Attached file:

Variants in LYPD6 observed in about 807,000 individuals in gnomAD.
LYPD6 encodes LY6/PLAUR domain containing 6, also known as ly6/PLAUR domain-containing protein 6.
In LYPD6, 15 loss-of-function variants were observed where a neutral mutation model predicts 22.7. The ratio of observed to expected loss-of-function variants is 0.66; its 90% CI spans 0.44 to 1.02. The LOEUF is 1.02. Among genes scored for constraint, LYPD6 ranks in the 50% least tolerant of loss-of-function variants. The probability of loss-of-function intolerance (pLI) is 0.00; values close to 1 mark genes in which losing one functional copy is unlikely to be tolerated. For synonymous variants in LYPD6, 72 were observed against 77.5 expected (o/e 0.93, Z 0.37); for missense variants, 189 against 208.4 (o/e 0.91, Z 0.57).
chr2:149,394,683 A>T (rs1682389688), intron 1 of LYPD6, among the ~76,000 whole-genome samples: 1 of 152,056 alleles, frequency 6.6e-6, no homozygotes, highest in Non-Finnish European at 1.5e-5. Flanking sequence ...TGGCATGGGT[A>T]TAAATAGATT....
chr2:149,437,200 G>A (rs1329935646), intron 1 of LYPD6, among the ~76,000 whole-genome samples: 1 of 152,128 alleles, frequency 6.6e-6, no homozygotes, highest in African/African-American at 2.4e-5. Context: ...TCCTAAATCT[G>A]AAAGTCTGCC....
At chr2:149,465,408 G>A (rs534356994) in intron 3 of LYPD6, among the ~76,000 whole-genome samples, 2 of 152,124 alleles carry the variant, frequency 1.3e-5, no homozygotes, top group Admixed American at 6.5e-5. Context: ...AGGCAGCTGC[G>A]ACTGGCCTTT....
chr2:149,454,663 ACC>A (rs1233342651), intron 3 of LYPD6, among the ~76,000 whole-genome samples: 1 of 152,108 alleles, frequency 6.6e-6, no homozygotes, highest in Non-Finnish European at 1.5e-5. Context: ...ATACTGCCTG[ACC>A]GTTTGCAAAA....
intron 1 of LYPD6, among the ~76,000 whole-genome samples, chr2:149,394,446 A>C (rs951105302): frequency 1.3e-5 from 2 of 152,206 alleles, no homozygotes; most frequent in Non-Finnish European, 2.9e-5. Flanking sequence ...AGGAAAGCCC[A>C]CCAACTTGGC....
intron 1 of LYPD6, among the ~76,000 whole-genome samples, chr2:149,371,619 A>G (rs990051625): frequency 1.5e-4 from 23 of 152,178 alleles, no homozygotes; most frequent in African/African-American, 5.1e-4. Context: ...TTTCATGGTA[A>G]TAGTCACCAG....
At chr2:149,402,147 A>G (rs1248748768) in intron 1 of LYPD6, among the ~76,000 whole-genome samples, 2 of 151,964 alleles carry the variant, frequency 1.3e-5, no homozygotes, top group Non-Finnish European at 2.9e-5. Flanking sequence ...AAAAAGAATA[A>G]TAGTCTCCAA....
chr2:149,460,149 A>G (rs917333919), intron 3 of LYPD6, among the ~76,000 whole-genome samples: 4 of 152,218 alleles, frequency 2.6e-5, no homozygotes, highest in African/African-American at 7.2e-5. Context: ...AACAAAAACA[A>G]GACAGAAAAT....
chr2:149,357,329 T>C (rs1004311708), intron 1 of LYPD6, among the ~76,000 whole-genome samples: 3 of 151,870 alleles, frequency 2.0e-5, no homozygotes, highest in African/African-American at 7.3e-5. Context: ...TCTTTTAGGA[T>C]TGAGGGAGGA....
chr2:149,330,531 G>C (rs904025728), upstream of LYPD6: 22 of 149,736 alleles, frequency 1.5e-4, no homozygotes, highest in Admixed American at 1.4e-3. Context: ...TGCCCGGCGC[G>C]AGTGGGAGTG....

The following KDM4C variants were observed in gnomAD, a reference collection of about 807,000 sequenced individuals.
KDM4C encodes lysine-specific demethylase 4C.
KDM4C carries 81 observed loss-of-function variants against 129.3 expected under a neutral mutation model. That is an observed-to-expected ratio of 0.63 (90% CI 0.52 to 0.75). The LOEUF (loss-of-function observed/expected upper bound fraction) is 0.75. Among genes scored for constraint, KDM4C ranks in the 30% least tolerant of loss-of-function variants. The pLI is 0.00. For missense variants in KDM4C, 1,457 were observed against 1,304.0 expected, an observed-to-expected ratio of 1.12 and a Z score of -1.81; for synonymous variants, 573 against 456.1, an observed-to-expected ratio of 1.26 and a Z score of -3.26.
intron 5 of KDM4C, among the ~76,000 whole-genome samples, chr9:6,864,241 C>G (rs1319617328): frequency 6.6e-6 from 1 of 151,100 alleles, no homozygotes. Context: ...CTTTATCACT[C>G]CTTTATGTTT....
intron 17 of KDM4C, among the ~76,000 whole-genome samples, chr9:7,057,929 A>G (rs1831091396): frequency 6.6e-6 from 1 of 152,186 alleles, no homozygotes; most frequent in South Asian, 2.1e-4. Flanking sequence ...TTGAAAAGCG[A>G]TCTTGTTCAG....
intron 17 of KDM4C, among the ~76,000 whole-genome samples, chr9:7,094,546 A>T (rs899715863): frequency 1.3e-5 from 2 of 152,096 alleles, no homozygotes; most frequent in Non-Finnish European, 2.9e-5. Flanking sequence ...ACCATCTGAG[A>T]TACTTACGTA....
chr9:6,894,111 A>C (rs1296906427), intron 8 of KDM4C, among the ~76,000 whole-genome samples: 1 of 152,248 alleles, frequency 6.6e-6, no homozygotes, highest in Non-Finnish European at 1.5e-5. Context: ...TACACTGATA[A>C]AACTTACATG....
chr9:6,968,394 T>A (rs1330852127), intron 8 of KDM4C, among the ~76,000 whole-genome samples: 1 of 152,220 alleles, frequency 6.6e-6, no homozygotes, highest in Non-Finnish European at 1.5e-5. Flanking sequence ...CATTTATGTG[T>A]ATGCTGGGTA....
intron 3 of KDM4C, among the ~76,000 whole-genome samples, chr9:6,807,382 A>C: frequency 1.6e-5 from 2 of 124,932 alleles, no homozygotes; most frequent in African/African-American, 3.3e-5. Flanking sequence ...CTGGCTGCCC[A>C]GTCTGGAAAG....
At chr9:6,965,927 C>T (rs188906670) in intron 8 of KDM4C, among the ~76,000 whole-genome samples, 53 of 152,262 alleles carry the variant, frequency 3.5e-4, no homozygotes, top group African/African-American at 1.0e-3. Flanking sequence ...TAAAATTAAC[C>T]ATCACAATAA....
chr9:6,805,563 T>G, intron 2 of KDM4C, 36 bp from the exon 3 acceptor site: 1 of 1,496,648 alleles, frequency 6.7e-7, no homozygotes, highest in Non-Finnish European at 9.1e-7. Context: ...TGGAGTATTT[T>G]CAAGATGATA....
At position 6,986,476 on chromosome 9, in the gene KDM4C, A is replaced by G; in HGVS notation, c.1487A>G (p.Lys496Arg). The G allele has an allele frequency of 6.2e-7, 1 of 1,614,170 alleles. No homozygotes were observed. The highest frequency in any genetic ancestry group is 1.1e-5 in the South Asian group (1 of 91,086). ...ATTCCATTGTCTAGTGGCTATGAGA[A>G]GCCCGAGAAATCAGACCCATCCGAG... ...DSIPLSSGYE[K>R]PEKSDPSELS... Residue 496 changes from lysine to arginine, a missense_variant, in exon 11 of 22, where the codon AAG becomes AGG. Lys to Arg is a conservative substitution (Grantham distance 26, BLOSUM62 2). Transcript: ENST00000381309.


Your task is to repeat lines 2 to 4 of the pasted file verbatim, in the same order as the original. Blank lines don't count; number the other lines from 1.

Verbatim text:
LYPD6 encodes LY6/PLAUR domain containing 6, also known as ly6/PLAUR domain-containing protein 6.
In LYPD6, 15 loss-of-function variants were observed where a neutral mutation model predicts 22.7. The ratio of observed to expected loss-of-function variants is 0.66; its 90% CI spans 0.44 to 1.02. The LOEUF is 1.02. Among genes scored for constraint, LYPD6 ranks in the 50% least tolerant of loss-of-function variants. The probability of loss-of-function intolerance (pLI) is 0.00; values close to 1 mark genes in which losing one functional copy is unlikely to be tolerated. For synonymous variants in LYPD6, 72 were observed against 77.5 expected (o/e 0.93, Z 0.37); for missense variants, 189 against 208.4 (o/e 0.91, Z 0.57).
chr2:149,394,683 A>T (rs1682389688), intron 1 of LYPD6, among the ~76,000 whole-genome samples: 1 of 152,056 alleles, frequency 6.6e-6, no homozygotes, highest in Non-Finnish European at 1.5e-5. Flanking sequence ...TGGCATGGGT[A>T]TAAATAGATT....